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Stackyard News Feb 05

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Defra helps fire up interest in historic Lime Kilns

Christon Bank Lime KilnTwo historic Grade II Listed lime kilns in the heart of the Northumberland countryside have been preserved for future generations with the help of Defra.

The Christon Bank Lime Kilns, on the edge of the village of Christon Bank, lie within the 2,000-acre Fallodon Estate, owned by Peter Bridgeman.

Mr Bridgeman signed up to Defra's Countryside Stewardship Scheme (CSS) and was awarded funding to help repair and preserve the lime kilns, which are set on a bridleway leading from the seaside village of Embleton and are a place of interest for visitors and tourists. He was also awarded a conservation grant from Alnwick District Council to assist with the project.

The Christon Bank Lime Kilns are listed as buildings of architectural and historic interest and are described as a good example of a double unit lime kiln.

Mr Bridgeman explained:

"The kilns are typical of buildings on the estate and were constructed to a very high standard, but they were suffering from deterioration, mainly due to scrub becoming overgrown on and around them.

"Through the CSS agreement we've been able to clear away the vegetation and bring in experts to repair and repoint the stonework of the buildings. This will help preserve them for future generations and provide an interesting feature for those using the bridleway."

Ray Connell, principal at Alnwick's Reavell & Cahill Architects, which has overseen the repair work carried out by Historic Building Services of Acomb, near Hexham, said:

"The kilns, which date back to the early 1800s, are part of a complex that includes the limestone source, a quarry now flooded, an approach ramp and a number of bell pits in an adjacent field, which may have provided the poor quality coal necessary for the burning process. Lime improves crops by counteracting soil acidity and improving soil structure and the kilns were used to produce the large amounts of lime that were needed in the mid-18th and 19th centuries during the 'age of agricultural improvements'."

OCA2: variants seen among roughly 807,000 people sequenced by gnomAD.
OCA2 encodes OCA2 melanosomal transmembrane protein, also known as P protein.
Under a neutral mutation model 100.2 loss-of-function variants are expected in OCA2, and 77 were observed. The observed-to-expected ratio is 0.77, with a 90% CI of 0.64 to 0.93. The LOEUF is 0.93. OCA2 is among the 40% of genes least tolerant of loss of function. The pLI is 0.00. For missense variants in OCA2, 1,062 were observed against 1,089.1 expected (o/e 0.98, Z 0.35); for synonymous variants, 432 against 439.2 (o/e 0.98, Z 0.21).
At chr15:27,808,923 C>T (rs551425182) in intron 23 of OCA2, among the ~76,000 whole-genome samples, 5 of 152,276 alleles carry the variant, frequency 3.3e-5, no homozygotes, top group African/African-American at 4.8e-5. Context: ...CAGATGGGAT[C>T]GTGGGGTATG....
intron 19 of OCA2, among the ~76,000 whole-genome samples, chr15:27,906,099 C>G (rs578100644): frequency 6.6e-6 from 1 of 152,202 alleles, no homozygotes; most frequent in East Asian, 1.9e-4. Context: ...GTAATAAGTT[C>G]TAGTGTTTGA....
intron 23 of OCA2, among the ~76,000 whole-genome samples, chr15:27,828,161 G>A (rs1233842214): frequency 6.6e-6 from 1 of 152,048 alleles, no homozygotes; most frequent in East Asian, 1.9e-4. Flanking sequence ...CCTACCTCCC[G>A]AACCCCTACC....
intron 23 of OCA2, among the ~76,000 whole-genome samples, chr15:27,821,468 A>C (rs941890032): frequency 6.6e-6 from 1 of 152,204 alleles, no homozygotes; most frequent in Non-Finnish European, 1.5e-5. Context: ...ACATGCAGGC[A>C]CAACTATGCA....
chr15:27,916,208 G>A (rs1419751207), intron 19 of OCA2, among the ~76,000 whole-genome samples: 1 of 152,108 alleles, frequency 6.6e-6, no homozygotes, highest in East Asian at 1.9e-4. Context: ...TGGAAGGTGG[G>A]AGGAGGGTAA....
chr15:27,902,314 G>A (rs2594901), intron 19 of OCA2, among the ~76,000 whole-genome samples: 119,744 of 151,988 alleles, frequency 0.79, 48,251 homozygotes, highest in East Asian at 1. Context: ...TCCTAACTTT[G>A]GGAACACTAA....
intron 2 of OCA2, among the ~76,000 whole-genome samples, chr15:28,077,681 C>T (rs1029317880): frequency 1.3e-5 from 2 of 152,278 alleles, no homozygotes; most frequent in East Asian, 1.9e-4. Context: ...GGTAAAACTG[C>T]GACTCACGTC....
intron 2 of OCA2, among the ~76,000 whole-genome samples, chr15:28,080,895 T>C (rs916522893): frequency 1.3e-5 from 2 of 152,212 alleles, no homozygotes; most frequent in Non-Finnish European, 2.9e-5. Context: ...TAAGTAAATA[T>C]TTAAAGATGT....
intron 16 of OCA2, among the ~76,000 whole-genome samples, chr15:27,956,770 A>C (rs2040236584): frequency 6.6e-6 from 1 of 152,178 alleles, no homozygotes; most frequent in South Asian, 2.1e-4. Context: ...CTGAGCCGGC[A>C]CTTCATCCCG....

Neil Tulloch, an an adviser for Defra's Rural Development Service in the North East, said:

"We have more than 1,000 agreement holders across the North East with almost 92,000 hectares of land covered by agri-environment schemes that are helping preserve and enhance our landscape and wildlife habitats.

"Many agreement holders, like Mr Bridgeman, have incorporated projects to preserve and enhance important archaeological or historical features on their land and we're delighted that we have been able to assist in this conservation work at Christon Bank.

"The lime kilns at Christon Bank are a great example of what is now a valuable part of agricultural history and we're delighted to have played a part in their preservation."

Mr Bridgeman's agreement has also included a range of environmental works including hedge planting and restoration, tree planting, pond creation and the establishment of grass margins around arable fields.

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